Established in 1939, we are the second oldest Intermediate School in the South Island and the third oldest in New Zealand. Our motto is "Aim High".
We are located between the suburbs of Addington and Cashmere. The area was once rich in natural resources and although this area has long since been modified, traditionally Māori would have utilised the abundance of natural resources available. Forming part of a wider system of trails, rivers and streams which connected to the Ōpāwaho, this area was a source mahinga kai to Ngāi Tūāhuriri/Ngāi Tahu and was also a travel route between the Māori settlements on Te Pātaka o Rākaihautū and further afield, and at Kaiapoi Pā. Immediately prior to the school being built, the site was an old dairy farm and racing stables.
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The school was known as Christchurch South Intermediate School until 2020 when the name changed to Christchurch South Karamata Intermediate School after the school was gifted the name “Karamata” by Ngāi Tūāhuriri. Karamata means “the head, the canopy of the tree”. It can also mean “pinnacle, summit, high point, peak, climax”.
Karamata was chosen by Ngāi Tūāhuriri for our school as:
- It has mana
- It implies success
- The canopy shelters and protects those under and in it
- It attracts birds, provides a safe haven
- A healthy canopy is a sign of a thriving culture, where all elements (i.e: water, sunlight, air, insects, birds, humans) work together for the best outcomes.
“Karamata” links beautifully with our traditions of Aiming High, excellence and success, of an environment that nurtures, that encourages collaboration and achieving together, a place that supports young people to spread their wings.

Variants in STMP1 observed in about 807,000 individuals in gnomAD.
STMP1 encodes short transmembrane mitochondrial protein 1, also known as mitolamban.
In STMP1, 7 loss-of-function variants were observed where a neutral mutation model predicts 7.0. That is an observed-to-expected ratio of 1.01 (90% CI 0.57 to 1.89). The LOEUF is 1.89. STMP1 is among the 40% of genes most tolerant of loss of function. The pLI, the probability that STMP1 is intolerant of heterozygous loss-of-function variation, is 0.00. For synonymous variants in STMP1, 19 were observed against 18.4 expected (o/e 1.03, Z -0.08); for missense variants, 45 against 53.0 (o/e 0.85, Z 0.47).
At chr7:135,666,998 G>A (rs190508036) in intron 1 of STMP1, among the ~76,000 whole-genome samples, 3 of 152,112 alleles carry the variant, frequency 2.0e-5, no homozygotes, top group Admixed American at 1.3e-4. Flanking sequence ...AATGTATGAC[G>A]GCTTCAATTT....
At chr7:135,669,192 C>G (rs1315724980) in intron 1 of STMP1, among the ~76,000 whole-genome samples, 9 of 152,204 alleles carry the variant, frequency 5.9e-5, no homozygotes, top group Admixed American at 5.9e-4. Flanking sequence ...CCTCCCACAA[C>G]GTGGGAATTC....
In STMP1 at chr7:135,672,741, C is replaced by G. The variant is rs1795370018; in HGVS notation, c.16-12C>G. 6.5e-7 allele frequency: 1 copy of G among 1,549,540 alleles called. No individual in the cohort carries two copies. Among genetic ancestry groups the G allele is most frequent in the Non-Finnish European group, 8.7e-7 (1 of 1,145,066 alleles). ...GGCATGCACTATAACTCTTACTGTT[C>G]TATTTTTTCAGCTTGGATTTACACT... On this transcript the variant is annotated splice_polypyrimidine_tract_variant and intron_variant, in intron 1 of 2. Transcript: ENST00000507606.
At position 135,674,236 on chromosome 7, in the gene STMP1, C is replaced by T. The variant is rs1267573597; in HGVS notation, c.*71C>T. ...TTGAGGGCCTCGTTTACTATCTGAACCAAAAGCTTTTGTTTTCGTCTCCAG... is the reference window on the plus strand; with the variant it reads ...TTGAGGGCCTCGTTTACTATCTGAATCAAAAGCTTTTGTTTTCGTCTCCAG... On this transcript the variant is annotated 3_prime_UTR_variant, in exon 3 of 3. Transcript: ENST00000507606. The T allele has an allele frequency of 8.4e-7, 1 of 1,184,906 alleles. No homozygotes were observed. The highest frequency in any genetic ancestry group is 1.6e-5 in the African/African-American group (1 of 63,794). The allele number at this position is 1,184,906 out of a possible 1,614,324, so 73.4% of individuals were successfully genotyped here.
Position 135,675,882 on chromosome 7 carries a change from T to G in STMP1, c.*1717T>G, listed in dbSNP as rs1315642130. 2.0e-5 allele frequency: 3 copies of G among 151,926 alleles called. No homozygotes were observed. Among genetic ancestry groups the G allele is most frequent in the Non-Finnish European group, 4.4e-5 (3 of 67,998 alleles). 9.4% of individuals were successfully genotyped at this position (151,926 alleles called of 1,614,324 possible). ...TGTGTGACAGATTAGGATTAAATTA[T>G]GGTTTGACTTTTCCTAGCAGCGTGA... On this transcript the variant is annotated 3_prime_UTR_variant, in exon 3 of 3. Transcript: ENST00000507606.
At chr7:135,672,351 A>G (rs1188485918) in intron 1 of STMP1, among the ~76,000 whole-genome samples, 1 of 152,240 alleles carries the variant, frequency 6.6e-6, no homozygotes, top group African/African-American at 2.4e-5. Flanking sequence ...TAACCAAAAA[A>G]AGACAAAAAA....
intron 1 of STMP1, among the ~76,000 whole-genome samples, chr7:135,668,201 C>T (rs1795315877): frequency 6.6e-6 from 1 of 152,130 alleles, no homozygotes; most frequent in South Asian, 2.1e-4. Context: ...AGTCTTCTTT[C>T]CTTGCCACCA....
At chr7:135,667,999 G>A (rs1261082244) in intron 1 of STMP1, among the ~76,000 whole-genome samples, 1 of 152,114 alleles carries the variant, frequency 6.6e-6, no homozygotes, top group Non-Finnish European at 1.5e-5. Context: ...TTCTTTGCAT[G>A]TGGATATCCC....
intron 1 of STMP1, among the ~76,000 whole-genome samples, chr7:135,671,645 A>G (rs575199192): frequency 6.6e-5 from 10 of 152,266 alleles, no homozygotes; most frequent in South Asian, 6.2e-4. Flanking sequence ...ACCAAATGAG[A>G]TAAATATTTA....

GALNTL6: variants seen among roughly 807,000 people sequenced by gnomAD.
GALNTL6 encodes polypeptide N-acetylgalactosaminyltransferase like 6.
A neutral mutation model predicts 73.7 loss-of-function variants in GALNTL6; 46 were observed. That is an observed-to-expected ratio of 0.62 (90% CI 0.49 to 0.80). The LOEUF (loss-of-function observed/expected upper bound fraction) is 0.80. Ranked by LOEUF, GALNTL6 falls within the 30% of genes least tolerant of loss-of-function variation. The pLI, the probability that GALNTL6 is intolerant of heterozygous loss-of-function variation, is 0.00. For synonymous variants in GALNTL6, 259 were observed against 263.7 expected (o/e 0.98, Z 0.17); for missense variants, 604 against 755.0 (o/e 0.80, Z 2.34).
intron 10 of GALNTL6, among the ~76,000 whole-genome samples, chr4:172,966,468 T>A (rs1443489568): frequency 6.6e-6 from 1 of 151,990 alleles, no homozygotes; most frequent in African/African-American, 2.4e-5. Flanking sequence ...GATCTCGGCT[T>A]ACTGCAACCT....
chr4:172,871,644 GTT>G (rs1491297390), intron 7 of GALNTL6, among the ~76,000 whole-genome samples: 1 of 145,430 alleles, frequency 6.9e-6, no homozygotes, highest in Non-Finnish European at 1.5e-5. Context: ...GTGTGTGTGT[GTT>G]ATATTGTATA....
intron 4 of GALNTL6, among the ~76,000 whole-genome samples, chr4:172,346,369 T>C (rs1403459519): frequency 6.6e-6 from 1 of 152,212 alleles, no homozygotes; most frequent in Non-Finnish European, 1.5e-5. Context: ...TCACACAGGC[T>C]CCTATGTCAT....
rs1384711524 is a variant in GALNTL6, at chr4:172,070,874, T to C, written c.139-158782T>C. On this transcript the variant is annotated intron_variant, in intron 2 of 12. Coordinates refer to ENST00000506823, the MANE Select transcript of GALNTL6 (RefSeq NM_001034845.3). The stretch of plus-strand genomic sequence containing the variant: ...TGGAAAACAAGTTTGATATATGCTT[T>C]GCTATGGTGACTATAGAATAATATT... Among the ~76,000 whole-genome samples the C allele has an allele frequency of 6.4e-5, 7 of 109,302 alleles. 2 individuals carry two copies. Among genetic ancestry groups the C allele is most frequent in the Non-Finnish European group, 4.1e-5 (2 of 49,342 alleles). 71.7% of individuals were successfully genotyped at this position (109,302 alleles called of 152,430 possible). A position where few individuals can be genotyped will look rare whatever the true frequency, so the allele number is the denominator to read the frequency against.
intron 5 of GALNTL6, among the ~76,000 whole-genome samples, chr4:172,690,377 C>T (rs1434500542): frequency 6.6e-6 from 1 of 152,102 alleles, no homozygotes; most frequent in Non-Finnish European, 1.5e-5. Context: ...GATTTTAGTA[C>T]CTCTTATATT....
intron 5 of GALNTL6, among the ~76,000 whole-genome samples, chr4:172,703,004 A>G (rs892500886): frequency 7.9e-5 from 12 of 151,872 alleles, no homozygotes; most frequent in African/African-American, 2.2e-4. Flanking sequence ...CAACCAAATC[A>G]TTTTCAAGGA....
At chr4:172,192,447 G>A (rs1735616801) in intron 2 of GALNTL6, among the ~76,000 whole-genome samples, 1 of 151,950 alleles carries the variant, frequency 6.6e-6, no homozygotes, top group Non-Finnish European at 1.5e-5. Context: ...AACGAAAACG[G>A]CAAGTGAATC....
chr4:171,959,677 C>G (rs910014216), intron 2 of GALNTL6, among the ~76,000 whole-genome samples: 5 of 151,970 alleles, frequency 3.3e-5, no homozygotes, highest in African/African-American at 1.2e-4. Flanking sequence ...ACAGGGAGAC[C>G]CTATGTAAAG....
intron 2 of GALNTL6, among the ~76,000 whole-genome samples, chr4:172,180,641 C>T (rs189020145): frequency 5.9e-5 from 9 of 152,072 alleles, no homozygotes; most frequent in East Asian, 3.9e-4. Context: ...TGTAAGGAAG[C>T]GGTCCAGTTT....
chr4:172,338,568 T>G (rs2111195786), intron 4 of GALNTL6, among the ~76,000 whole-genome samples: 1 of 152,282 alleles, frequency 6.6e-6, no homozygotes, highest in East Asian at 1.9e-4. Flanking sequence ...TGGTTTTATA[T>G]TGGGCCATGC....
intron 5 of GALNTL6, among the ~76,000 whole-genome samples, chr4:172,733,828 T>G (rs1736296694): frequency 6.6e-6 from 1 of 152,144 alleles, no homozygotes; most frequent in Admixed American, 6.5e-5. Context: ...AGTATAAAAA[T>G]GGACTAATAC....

During its long history, our school has undergone many other changes.
Although a hall was originally planned for the school, the outbreak of World War II and the subsequent Government policy of "no assembly halls for intermediate schools" meant that the school was without a hall. After eighteen years of hope and frustration, a hall was finally officially opened in 1957 by the Minister of Education.
The school made do with a variety of temporary library facilities until 1955 when the old Art Room was redecorated and equipped as the first "proper" library. In 1973 a much larger library was opened in its present location. In 2003 a new computer suite was added to the library to enable wider access to research information.
The school has undergone a number of upgrades and refurbishments over the years. In recent times the construction of a new office and administration building (2003), the development of a hard court area (2004) and a complete remodel, including extensions for Biotechnology and specific design areas, of the Technology Block (2005) have been completed.
In 2012 work was completed on a rebuild of our main classroom block. The old classrooms, which were built in time for the school to open in 1939, have been replaced with 4 'pods' of classrooms. Each modern learning environment 'pod' has 4 classrooms and a large shared space for collaborative large and small group learning.
The major rebuild of classrooms began prior to the September 2010 earthquake and February 2011 aftershock. The school buildings and resources, both old and new, suffered only very minor superficial damage in the earthquakes. The school was fortunate to only have minor liquefaction on part of the school fields and sealed court areas.
A long overdue full renovation of the school hall was completed in time for the start of the 2012 school year.
The school rebuilding and renovation programme has included substantial upgrades to full wireless access throughout the school enabling students to bring their own electronic devices to assist their learning.
An annual exchange with Broadgreen Intermediate in Nelson was begun in 1977 and it continues to be a highlight of our year.